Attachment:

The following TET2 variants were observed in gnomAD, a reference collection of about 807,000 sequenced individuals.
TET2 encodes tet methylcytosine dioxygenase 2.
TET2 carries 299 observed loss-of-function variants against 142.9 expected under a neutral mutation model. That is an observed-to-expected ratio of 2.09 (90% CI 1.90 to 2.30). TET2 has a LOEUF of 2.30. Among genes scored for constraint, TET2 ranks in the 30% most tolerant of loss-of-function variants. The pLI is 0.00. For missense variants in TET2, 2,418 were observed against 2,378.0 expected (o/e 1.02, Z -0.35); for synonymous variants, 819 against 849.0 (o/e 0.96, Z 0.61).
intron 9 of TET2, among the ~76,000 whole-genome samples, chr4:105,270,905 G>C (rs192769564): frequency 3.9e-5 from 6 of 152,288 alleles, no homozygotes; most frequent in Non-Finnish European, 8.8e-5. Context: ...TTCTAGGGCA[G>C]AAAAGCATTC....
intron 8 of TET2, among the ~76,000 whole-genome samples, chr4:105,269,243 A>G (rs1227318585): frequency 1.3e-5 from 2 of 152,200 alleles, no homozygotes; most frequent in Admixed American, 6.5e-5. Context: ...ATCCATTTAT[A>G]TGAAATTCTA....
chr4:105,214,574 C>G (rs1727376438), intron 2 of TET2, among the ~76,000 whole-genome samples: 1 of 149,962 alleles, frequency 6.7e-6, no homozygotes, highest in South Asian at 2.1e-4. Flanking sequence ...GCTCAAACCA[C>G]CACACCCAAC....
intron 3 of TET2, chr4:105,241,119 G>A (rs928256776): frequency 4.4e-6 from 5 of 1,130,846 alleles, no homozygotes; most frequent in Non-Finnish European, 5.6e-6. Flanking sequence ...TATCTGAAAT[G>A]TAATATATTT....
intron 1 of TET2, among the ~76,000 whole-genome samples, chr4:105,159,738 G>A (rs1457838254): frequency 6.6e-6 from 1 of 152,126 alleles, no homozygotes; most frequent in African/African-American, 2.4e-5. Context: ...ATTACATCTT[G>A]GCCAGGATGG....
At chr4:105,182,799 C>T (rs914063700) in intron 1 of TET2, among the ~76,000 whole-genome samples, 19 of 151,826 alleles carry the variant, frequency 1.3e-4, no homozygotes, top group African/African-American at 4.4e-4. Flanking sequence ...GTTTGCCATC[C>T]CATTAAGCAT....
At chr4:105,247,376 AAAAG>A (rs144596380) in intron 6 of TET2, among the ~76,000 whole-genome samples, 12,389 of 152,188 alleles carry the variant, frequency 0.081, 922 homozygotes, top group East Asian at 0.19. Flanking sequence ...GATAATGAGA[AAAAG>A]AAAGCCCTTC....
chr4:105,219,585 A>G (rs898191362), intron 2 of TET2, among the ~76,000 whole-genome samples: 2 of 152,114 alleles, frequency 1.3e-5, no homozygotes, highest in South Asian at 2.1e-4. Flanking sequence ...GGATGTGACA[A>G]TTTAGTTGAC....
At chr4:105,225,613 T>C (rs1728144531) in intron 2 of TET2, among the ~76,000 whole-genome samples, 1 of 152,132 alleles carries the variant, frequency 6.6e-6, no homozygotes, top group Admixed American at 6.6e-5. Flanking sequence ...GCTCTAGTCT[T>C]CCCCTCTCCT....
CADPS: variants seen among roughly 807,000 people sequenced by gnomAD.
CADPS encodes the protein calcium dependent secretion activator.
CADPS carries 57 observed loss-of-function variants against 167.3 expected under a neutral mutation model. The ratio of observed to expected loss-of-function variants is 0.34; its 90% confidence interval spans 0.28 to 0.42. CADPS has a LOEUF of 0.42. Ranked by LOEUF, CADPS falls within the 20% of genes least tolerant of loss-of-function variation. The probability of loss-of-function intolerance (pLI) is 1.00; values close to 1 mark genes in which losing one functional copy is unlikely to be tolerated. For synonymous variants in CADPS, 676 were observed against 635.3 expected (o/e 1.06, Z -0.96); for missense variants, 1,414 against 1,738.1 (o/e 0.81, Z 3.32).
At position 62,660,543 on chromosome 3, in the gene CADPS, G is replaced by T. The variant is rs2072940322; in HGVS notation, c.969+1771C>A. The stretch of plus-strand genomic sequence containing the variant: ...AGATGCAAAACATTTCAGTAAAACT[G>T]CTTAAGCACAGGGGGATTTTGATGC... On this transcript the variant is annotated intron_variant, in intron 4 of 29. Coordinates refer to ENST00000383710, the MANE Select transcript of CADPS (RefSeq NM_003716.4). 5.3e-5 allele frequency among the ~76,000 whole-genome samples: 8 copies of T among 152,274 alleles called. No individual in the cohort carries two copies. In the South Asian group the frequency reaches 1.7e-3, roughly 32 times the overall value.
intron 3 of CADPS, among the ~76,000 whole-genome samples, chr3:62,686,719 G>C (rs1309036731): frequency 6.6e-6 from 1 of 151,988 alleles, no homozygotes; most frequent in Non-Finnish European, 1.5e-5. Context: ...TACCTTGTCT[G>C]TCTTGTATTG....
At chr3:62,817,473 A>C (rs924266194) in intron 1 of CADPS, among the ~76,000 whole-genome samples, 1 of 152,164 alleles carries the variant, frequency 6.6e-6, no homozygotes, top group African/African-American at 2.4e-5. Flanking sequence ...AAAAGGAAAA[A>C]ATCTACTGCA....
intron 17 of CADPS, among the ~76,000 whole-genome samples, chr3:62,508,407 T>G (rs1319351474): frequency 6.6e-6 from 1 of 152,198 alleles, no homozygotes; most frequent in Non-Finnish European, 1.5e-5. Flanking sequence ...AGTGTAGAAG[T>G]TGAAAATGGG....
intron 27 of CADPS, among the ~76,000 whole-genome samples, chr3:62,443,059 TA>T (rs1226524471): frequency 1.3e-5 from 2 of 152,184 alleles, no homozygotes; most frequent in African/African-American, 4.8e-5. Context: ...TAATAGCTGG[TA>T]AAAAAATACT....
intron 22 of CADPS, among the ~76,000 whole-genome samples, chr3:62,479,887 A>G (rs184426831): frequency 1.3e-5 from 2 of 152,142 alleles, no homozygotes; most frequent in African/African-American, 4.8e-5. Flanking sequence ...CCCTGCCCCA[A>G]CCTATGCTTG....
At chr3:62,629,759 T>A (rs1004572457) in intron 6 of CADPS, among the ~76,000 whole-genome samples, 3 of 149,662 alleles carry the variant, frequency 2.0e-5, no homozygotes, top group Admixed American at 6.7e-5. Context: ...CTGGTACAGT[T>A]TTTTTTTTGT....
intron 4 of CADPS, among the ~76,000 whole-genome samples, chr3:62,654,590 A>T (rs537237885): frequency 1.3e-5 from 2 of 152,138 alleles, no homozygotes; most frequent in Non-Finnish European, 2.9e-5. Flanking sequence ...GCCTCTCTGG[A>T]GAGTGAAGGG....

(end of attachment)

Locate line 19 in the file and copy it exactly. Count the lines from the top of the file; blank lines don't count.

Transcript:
intron 17 of CADPS, among the ~76,000 whole-genome samples, chr3:62,508,407 T>G (rs1319351474): frequency 6.6e-6 from 1 of 152,198 alleles, no homozygotes; most frequent in Non-Finnish European, 1.5e-5. Flanking sequence ...AGTGTAGAAG[T>G]TGAAAATGGG....